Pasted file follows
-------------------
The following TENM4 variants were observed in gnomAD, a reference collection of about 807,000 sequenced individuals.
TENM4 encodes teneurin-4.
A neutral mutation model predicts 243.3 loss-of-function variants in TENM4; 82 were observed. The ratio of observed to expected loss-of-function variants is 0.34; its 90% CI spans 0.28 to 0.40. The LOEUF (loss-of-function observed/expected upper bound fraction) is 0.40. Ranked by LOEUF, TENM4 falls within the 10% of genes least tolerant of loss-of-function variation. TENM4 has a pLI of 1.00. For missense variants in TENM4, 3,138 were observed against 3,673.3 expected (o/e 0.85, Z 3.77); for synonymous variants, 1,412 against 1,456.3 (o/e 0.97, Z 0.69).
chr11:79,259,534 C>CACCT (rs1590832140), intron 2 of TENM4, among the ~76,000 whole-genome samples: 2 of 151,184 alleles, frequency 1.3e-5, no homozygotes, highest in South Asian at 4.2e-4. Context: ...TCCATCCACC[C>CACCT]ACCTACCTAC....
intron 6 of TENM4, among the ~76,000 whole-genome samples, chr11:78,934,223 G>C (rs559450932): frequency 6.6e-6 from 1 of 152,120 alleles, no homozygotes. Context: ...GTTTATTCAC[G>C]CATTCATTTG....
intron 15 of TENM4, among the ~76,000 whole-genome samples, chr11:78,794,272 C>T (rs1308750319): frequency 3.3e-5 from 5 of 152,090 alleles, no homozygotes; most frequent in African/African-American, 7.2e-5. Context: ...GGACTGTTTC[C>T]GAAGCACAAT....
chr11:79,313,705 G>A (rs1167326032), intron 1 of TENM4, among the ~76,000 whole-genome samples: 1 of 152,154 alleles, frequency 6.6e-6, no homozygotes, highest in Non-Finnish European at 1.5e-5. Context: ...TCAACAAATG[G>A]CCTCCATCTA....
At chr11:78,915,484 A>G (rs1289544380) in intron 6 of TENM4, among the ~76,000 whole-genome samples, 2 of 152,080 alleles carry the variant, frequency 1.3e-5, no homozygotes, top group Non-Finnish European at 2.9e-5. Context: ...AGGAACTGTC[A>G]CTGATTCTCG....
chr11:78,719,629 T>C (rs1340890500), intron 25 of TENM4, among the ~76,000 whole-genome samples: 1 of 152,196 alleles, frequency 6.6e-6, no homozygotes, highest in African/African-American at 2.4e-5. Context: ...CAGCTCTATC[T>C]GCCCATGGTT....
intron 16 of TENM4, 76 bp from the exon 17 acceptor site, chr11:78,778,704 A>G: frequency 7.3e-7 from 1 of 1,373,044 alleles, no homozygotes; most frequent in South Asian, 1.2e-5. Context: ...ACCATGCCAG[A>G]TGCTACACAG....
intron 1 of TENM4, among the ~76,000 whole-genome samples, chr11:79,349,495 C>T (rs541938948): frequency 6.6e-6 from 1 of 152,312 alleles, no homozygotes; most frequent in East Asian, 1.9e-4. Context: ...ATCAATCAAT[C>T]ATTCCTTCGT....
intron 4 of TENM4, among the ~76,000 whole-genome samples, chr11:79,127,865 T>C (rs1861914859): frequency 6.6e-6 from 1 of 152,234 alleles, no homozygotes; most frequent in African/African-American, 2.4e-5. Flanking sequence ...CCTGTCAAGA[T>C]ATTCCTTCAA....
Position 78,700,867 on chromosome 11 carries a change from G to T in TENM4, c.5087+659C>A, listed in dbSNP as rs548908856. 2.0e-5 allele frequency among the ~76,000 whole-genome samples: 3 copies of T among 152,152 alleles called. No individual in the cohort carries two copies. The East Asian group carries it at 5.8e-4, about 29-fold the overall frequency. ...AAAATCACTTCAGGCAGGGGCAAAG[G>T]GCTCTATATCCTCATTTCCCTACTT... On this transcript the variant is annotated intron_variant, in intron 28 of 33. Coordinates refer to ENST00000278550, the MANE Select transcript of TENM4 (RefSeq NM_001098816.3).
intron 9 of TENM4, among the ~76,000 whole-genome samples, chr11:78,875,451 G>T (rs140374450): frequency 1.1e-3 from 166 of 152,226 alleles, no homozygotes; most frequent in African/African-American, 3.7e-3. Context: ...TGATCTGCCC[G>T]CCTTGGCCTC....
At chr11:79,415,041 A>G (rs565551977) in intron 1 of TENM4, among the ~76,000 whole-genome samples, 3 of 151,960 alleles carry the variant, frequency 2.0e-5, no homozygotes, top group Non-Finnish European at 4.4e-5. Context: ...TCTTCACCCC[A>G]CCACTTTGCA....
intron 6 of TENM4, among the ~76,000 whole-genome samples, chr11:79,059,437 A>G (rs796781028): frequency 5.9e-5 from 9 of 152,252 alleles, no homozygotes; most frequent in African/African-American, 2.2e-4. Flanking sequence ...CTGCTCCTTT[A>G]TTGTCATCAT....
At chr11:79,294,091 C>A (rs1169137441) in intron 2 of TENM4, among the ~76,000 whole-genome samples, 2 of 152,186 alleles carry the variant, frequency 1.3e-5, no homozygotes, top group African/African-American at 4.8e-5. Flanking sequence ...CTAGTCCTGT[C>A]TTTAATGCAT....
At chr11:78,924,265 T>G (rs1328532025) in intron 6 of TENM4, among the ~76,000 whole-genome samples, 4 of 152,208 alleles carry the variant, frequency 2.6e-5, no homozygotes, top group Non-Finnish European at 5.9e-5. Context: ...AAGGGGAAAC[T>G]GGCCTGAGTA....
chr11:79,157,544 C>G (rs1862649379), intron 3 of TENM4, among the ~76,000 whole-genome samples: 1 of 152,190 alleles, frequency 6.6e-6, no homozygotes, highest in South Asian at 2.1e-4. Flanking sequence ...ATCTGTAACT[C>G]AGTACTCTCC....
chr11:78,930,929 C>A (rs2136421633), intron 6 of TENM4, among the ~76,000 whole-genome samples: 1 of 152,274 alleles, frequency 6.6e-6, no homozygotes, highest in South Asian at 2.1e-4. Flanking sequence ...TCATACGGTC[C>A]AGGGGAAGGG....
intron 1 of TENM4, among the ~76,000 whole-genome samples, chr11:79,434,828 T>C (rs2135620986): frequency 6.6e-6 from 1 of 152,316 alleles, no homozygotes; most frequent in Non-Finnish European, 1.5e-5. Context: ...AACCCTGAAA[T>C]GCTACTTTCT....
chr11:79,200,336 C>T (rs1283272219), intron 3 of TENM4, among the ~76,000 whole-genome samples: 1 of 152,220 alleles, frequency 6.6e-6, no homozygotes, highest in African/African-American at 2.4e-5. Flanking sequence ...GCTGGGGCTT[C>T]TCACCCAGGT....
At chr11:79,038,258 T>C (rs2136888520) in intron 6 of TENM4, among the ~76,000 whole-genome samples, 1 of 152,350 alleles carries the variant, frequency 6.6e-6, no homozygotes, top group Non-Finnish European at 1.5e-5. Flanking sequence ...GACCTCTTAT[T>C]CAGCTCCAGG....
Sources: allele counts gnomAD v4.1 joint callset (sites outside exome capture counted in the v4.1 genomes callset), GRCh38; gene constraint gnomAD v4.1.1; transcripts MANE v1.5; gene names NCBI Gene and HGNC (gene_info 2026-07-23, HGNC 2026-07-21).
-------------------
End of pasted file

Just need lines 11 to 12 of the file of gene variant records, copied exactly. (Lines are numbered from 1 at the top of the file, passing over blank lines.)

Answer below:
intron 1 of TENM4, among the ~76,000 whole-genome samples, chr11:79,349,495 C>T (rs541938948): frequency 6.6e-6 from 1 of 152,312 alleles, no homozygotes; most frequent in East Asian, 1.9e-4. Context: ...ATCAATCAAT[C>T]ATTCCTTCGT....
intron 4 of TENM4, among the ~76,000 whole-genome samples, chr11:79,127,865 T>C (rs1861914859): frequency 6.6e-6 from 1 of 152,234 alleles, no homozygotes; most frequent in African/African-American, 2.4e-5. Flanking sequence ...CCTGTCAAGA[T>C]ATTCCTTCAA....